Monday’s Market Trends Recapby Tim Manni
Some big changes to government programs came along last week. “Treasury Secretary Paulson all but abandoned the original Troubled Asset Relief Program (TARP). The process of culling rotten loans and securities turned out to be more cumbersome and slow than expected, and our guess is that lenders simply failed to show much interest in the program, which would have exposed those assets to some pretty harsh market valuations.”
“Whatever the reason, the focus (and at least some of the remaining cash in the TARP) will be put toward building backstops for AAA-rated markets for auto loans, credit cards, and other kinds of loans. The goverment still hopes to spur this kind of lending, since it came to a crashing halt over the last few weeks with dire consequences for the economy, which continues to struggle considerably.”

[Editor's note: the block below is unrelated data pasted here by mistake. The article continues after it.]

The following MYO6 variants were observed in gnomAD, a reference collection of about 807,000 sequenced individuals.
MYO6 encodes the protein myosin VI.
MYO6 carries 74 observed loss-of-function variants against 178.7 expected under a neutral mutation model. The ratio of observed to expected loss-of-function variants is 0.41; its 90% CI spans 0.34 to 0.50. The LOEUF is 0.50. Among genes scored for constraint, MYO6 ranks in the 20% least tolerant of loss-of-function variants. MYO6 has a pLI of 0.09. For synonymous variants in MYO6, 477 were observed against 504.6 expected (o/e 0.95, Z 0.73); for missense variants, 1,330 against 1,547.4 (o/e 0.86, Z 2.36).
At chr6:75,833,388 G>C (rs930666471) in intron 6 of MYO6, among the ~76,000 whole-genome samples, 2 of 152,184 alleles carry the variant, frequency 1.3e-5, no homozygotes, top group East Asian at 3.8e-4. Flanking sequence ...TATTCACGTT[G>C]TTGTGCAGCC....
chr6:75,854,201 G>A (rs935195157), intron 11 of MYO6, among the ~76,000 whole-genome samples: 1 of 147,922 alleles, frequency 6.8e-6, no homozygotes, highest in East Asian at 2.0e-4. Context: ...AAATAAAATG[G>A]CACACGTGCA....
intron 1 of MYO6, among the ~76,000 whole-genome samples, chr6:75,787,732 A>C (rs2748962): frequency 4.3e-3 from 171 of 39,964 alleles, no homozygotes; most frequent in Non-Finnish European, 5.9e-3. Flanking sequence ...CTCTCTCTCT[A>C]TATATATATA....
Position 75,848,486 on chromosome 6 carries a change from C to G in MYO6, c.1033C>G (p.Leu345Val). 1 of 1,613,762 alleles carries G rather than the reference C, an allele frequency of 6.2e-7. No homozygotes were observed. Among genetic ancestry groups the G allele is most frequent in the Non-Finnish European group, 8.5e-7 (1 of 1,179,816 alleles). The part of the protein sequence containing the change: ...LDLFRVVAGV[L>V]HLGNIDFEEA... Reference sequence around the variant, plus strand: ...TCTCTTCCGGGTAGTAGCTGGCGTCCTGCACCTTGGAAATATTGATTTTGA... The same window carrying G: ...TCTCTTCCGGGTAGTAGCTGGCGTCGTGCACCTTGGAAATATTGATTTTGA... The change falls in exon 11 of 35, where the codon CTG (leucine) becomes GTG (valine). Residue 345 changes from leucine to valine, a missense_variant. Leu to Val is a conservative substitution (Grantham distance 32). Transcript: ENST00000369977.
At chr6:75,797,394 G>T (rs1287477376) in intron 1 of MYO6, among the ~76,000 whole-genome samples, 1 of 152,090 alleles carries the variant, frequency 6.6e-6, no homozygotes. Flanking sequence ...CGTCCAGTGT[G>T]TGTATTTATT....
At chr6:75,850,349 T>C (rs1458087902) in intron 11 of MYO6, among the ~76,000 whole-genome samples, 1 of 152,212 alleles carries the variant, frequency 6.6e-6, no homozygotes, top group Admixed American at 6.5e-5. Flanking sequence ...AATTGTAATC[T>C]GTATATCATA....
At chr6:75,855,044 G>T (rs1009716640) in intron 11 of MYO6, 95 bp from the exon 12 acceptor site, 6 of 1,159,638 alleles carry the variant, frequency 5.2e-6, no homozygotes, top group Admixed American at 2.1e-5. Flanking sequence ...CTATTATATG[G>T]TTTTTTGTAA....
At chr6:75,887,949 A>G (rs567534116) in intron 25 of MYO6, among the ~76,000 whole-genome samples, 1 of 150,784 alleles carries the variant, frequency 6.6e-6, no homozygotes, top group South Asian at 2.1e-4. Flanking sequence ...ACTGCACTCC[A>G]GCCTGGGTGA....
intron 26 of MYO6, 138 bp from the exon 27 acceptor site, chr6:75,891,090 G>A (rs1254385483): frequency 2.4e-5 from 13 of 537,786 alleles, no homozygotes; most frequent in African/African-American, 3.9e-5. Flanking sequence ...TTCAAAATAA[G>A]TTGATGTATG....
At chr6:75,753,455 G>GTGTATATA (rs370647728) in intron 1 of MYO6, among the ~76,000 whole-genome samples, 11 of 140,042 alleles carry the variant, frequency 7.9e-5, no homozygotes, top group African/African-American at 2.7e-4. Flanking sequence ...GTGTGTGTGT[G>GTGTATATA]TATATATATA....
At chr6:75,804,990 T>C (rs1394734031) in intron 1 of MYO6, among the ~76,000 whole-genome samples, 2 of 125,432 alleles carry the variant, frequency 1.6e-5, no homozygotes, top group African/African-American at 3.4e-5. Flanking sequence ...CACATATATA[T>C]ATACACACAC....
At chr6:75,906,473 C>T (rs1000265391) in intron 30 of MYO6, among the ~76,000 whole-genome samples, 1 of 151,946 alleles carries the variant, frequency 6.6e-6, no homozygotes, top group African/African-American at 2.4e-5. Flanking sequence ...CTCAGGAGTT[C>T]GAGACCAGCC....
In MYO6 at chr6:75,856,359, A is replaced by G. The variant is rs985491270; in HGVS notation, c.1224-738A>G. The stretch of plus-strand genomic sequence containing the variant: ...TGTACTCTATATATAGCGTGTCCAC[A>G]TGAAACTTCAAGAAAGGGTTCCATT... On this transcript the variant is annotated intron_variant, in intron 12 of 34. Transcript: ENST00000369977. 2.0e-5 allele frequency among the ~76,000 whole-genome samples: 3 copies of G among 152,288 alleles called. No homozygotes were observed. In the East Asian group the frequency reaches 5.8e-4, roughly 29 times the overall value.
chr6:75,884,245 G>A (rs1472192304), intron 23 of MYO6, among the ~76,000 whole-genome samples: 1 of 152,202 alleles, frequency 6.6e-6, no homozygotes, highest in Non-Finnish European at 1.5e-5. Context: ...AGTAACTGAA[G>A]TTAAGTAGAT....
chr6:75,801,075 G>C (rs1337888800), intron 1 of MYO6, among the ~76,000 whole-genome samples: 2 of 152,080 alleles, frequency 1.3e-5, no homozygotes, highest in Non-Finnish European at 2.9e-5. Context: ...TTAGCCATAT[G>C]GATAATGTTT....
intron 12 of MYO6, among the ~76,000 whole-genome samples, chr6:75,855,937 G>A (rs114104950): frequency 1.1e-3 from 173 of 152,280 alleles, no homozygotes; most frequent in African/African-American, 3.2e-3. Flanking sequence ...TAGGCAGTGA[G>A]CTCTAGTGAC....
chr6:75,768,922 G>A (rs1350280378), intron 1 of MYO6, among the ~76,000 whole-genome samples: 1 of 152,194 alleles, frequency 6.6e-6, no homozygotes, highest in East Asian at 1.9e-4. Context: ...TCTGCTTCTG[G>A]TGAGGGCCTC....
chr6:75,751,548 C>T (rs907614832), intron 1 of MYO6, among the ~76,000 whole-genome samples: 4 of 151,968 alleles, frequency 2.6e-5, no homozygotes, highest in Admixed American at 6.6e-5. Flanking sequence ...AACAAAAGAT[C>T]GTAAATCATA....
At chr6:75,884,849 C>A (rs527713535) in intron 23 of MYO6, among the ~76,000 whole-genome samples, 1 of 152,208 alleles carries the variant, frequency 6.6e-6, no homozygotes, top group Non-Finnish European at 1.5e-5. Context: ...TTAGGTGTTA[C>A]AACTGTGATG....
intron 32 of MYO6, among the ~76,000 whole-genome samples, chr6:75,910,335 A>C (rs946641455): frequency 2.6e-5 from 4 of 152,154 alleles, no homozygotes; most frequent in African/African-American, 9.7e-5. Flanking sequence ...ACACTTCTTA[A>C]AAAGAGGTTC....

“Aside from the sudden shift in the TARP roiling markets, this week was all about new loan modification plans for troubled borrowers. The FHFA announced a plan to identify and modify more Fannie and Freddie-backed or -owned mortgage loans. While admitting that GSE-backed loans represent perhaps only 20% of at-risk mortgages, FHFA Director James Lockhart expressed optimism that by setting a series of standards for “streamlined” modifications, others might follow the lead of the agency and improve the number of mortgages changed.”
“Not to be outdone, the FDIC offered its own plan for loan modifications on Friday, but specifically for non-GSE backed loans, so this program would include jumbo, subprime and other non-conforming loans. How it will all work out wasn’t especially clear, and details on the FDIC website were rather thin, but the program could have an expected ultimate cost of about $24 billion while serving to keep perhaps 1.5 million homes out of foreclosure.”
“These new plans join the ranks of the FHA Secure program and the private initiatives from Citibank, JPMorgan and Bank of America announced in recent weeks.”
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